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Tom Chaney: Beyond the Light of Day
Of Writers And Their Books: "Beyond the Light of Day." Tom reviews Red Watson's 1978 novel of caving, Under Ploughman's Floor, which begins wtih thirty years of following the rules and ends with violating the most important one: never cave alone. This column first appeared 10 August 2008.
The next earlier Tom Chaney column: The Man Standing Next To Us
By Tom Chaney
"Beyond the Light of Day"
Richard A. (Red) Watson knows cave country in a way that most of us natives can only dream of. He and his wife, Dr. Patty Jo Watson, have made parallel careers for themselves in our neck of the woods. In fact they have made our hills, valleys, and what's beneath much clearer for those of us willing to listen.
Dr. Patty Jo's study of the archaeology of this region helps us understand the human history of the caves above which we live. An anthropologist at Washington University in St. Louis, she pioneered in the studies which connected pre-industrial people to archaeological data.
Red Watson, whom she wed in 1955, is a philosopher at the same university and an explorer of our caves without equal.
Each focused their professional life on the Mammoth Cave region to our eternal benefit.
I have just finished reading Red Watson's 1978 novel of caving, Under Ploughman's Floor [Zephyrus Press].
Along about this time, Watson was involved in the exploratory push which made the connection between the Flint Ridge cave system and that of Mammoth Cave. He and Roger Brucker share that experience with us in their book The Longest Cave. Few moments in literature compare with their description of the lead expedition party plunging into the chilly waters deep in Flint Ridge beneath the valley and emerging on the other side to the gleam of a lantern beam reflecting off a metal railing on an abandoned tourist trail in Mammoth -- connecting the two systems.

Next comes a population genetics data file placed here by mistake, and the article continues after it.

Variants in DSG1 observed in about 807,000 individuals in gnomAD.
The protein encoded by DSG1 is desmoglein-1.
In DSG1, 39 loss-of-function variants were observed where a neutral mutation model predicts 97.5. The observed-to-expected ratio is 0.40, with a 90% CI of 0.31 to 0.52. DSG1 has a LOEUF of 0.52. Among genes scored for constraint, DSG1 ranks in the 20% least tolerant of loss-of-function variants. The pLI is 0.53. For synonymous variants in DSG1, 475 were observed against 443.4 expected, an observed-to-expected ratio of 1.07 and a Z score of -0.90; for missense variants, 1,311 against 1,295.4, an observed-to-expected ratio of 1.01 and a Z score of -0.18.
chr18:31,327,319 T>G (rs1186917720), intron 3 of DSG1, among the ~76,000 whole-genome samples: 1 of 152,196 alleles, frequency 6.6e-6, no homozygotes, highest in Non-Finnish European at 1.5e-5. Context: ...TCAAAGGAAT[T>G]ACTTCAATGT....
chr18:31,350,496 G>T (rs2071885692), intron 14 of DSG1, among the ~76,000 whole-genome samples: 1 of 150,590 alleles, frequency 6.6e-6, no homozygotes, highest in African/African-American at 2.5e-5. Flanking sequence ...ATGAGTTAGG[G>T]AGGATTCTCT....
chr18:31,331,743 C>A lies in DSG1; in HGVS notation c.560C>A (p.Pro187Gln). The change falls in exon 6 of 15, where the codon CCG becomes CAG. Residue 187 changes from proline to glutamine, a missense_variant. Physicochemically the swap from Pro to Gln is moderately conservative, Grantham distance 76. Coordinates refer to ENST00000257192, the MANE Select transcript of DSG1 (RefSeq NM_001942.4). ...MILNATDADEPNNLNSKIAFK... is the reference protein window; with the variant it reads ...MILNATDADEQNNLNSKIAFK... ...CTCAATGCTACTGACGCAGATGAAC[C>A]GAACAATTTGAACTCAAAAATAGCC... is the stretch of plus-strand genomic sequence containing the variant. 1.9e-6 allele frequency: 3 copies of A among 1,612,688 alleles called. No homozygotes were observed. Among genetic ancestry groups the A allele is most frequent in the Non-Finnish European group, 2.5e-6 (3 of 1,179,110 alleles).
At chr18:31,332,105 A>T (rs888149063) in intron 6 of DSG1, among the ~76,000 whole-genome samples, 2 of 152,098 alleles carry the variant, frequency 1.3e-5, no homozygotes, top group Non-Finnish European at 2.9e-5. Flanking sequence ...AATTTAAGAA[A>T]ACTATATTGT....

Under Ploughman's Floor takes exploration a couple of steps further.
Watson's hero Fred gets his initiation to cave exploration shortly after his return to civilian life following World War II. We watch his development from his initiation to his status as an expert caver.
Like many in the actual life of exploration in these parts, Fred is a Detroit caver -- a member of the speleological grotto of that city. A caving weekend means an eight-hour drive before adventure on 1950's two-lane highways, and another eight hours after -- and back to sorting mail.
To understand the plot of Under Ploughman's Floor one must know that the Flint Ridge caves lie upstream on Green River from Mammoth Cave. The connection has been made between those systems.
Watson posits a third system which he calls Onyx Ridge, which does exist, down river from Mammoth. Fred participates in connecting those two.
Beyond the third there is a valley known to Fred as Ploughman's Floor. There are caves in the Pine Ridge beyond that valley. Fred's dream is to connect the caves of those two ridges beneath Ploughman's Floor.
After thirty years of caving -- following the rules -- Fred sets out violating the most important ones: never cave alone; let others know where you are.
Fred is kin to the boy in William Faulkner's The Bear. The bear can be confronted only when the trappings of civilization are laid aside -- in Faulkner's case, the compass, the gun. Only then does the bear appear, rear up, dwarfing the boy, acknowledging his bravery, turning away into the wilderness.
For four years Fred pursues his goal in secret -- in joy and exultation, in exhaustion, and finally in the calm death following the realization of the dream.
Why climb the mountain? Why confront the bear? Why crawl in the depths of the earth? Red Watson gives us a glimpse of the answer -- that there is no answer except to the one who does it. It is there.
I have never been a caver. I lack the courage -- to say nothing of the physique. But I have known cavers. One night I sat on the edge of a storytelling session safe in the living room of a friend.
I saw the gleam in his eye as he told of an adventure twelve hours deep in a cave in Flint Ridge. As he and his fellow caver passed from a dry to a wet passage they found sandals; torch remnants; fecal remains. Research dated those artifacts. They had gone where no man had gone for two millennia!
That is why one explores the unknown!
And having seen the bear, to lie down for a final drink beside a crystal spring in the old cave.
For after [Fred's] death, Dave had written . . . in large block letters with a carbide flame, on the flat ceiling of the room where Fred had died":
THERE IS A WAY
Tom Chaney can be found telling stories, planning his next meal, and occasionally selling books at
Box 73 / 111 Water Street
Horse Cave, Kentucky 42749
Email: Tom Chaney
This story was posted on 2013-08-11 01:58:56
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